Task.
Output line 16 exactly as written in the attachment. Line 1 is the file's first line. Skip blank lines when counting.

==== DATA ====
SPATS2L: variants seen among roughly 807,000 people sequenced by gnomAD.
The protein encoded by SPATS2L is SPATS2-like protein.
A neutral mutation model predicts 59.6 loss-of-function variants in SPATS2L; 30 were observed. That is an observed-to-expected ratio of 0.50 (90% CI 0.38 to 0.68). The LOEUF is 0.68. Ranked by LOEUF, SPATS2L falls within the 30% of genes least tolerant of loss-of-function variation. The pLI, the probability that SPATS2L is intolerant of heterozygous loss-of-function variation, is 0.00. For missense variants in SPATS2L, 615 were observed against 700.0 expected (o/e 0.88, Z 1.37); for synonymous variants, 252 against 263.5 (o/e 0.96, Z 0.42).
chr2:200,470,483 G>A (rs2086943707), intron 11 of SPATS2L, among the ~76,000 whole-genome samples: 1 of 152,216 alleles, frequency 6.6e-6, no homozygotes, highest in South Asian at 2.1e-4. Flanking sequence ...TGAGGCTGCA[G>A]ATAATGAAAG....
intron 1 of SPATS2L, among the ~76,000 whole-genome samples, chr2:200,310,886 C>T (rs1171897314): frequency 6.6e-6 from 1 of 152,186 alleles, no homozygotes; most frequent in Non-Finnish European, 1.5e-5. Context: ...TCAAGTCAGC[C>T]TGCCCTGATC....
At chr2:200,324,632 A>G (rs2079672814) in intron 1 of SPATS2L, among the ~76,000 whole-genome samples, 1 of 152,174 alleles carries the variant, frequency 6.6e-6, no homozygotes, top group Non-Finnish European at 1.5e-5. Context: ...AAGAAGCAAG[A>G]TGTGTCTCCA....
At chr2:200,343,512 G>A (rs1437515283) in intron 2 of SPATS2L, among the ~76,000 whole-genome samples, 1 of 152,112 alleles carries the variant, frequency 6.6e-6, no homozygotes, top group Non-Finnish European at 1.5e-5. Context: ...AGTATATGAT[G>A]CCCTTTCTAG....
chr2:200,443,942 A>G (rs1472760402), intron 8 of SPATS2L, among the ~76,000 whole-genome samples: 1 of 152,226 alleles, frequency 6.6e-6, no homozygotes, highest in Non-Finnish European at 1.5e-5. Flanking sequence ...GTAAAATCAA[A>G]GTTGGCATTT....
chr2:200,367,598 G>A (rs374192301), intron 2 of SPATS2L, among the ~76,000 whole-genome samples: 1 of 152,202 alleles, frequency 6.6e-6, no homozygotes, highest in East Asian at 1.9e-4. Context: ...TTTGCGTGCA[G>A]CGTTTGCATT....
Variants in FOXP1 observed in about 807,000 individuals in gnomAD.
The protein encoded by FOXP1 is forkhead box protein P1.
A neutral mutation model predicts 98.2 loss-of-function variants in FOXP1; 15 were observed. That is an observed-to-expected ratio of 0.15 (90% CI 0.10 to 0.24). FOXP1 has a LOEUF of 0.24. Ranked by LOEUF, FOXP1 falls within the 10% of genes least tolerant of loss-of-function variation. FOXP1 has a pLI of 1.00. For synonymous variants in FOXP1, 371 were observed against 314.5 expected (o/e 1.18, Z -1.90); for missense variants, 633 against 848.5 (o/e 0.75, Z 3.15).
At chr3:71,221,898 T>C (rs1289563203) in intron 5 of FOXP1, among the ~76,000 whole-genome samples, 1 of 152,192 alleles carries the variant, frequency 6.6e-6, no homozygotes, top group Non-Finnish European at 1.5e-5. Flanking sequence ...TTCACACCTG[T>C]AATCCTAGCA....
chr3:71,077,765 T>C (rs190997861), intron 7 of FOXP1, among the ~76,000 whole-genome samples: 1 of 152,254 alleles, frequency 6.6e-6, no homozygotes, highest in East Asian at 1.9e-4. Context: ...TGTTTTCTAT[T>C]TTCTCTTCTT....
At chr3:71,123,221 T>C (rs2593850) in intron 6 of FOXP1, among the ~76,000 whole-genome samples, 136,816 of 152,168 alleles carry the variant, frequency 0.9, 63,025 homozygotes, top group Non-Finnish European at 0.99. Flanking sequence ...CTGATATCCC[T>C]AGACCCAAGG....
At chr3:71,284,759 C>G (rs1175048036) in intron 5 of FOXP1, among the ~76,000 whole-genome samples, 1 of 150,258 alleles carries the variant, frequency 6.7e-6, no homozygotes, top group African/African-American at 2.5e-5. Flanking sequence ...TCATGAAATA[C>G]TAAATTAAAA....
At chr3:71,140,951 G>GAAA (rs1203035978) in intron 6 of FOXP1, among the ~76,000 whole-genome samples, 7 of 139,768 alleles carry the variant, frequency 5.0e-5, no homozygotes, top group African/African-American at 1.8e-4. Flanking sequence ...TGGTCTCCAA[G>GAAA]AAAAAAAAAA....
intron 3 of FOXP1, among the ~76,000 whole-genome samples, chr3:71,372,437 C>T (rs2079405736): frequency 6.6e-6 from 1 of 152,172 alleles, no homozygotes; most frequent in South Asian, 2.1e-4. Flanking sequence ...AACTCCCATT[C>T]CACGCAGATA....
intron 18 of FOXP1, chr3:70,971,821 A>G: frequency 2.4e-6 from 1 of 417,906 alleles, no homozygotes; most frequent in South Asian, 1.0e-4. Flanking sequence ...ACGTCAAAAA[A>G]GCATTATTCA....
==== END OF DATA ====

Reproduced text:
At chr3:71,284,759 C>G (rs1175048036) in intron 5 of FOXP1, among the ~76,000 whole-genome samples, 1 of 150,258 alleles carries the variant, frequency 6.7e-6, no homozygotes, top group African/African-American at 2.5e-5. Flanking sequence ...TCATGAAATA[C>G]TAAATTAAAA....